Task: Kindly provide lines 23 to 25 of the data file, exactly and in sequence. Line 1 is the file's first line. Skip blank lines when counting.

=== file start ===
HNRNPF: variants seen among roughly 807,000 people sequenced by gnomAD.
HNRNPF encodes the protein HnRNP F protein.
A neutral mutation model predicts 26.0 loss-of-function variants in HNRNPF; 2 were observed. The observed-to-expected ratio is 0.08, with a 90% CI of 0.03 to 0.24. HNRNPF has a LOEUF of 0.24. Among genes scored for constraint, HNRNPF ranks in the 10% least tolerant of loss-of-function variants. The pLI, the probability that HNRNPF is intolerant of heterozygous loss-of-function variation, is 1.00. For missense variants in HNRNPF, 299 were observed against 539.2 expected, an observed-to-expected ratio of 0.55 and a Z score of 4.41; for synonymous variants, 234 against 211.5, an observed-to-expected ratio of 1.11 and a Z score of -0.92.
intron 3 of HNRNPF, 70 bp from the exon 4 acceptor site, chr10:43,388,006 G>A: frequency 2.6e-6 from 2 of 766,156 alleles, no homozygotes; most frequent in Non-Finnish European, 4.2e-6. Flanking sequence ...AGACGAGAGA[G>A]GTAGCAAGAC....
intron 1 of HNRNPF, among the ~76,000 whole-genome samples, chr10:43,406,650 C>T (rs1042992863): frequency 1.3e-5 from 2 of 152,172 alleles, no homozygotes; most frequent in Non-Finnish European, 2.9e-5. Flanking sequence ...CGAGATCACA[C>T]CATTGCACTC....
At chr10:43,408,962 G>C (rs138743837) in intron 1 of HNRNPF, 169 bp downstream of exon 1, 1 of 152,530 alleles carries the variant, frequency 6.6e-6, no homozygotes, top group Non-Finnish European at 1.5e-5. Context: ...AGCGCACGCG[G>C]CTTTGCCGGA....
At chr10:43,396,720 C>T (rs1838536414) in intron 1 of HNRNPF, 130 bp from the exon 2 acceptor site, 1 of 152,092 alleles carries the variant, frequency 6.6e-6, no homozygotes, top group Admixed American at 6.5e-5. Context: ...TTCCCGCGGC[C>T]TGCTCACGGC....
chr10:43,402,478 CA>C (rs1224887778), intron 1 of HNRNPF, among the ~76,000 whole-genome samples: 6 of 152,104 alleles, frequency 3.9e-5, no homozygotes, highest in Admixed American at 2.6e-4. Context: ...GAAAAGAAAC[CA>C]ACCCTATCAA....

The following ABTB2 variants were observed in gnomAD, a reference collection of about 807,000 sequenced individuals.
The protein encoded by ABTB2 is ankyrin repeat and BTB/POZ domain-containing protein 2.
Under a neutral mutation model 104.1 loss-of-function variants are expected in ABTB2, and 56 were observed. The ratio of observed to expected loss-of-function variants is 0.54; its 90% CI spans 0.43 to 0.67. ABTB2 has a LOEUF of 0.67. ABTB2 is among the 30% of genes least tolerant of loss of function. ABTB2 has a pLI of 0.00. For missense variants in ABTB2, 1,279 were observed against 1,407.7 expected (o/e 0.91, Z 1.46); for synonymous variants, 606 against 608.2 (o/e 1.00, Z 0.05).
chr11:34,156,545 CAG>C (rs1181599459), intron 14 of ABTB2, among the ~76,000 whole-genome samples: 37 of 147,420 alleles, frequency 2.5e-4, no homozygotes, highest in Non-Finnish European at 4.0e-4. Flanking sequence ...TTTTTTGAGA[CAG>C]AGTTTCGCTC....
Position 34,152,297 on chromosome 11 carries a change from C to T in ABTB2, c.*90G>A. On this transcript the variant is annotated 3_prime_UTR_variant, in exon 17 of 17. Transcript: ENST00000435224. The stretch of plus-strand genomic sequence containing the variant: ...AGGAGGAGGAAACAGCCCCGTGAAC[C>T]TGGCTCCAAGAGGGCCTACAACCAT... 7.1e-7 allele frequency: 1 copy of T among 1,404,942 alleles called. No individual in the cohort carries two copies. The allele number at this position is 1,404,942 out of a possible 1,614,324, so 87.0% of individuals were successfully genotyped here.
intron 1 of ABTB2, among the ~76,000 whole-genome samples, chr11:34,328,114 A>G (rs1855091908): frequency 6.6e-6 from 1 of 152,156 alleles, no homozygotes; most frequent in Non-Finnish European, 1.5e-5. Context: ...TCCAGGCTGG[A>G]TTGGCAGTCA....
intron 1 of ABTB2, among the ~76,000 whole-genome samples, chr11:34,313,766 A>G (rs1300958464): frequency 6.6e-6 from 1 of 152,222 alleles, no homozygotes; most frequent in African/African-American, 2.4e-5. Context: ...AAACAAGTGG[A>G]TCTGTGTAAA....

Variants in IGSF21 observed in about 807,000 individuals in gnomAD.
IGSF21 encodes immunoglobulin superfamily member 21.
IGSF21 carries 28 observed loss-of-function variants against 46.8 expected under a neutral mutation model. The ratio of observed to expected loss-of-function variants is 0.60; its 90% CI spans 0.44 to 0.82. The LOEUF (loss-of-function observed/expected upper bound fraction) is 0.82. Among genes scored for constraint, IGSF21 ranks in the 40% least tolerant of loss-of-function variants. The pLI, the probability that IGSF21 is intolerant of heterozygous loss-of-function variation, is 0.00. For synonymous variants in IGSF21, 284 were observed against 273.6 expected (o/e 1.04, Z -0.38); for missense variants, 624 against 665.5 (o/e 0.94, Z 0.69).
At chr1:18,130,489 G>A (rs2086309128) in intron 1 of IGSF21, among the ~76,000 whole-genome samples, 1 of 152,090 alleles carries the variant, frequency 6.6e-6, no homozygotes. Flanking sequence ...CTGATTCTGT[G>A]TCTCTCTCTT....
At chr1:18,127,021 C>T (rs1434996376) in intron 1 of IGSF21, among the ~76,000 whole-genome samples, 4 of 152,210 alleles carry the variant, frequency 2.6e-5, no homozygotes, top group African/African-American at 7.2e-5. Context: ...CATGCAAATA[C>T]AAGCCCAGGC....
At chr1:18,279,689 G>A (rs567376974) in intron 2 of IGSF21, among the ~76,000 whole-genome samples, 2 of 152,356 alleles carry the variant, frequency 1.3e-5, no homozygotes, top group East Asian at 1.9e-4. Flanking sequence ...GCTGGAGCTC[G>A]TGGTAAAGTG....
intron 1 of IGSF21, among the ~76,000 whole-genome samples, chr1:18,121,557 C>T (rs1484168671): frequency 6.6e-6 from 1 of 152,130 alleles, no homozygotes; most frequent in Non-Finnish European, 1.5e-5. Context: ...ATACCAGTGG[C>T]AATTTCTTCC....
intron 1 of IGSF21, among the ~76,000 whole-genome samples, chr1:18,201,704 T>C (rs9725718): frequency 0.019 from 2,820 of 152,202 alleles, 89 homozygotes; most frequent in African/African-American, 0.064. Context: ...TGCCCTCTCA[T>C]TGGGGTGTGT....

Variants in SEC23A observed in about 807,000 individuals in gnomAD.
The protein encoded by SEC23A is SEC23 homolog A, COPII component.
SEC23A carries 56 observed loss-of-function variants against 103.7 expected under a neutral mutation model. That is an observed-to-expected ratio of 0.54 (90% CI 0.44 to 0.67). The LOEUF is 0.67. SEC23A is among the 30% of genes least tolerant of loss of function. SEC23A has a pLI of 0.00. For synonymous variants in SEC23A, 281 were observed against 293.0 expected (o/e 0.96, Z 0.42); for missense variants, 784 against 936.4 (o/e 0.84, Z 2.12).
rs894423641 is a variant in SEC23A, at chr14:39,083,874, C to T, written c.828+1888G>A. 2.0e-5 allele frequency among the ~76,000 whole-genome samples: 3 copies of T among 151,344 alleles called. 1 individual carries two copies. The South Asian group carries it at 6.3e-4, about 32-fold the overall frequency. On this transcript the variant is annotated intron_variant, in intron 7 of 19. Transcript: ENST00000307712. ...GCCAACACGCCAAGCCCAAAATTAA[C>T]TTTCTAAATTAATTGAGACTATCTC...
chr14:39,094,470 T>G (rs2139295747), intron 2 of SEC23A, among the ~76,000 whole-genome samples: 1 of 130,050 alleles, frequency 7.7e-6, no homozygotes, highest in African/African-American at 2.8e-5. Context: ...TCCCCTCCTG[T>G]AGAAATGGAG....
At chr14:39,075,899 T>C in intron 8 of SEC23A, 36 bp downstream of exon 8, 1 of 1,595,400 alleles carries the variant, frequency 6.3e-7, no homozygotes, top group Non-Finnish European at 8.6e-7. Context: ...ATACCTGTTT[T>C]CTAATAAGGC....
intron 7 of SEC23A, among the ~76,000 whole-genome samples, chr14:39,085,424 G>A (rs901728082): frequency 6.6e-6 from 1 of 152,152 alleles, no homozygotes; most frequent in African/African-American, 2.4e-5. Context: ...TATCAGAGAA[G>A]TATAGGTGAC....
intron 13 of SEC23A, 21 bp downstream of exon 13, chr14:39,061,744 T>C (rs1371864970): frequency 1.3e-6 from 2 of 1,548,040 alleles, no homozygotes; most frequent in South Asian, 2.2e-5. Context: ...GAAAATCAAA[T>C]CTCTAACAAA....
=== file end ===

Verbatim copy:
intron 1 of IGSF21, among the ~76,000 whole-genome samples, chr1:18,201,704 T>C (rs9725718): frequency 0.019 from 2,820 of 152,202 alleles, 89 homozygotes; most frequent in African/African-American, 0.064. Context: ...TGCCCTCTCA[T>C]TGGGGTGTGT....

Variants in SEC23A observed in about 807,000 individuals in gnomAD.
The protein encoded by SEC23A is SEC23 homolog A, COPII component.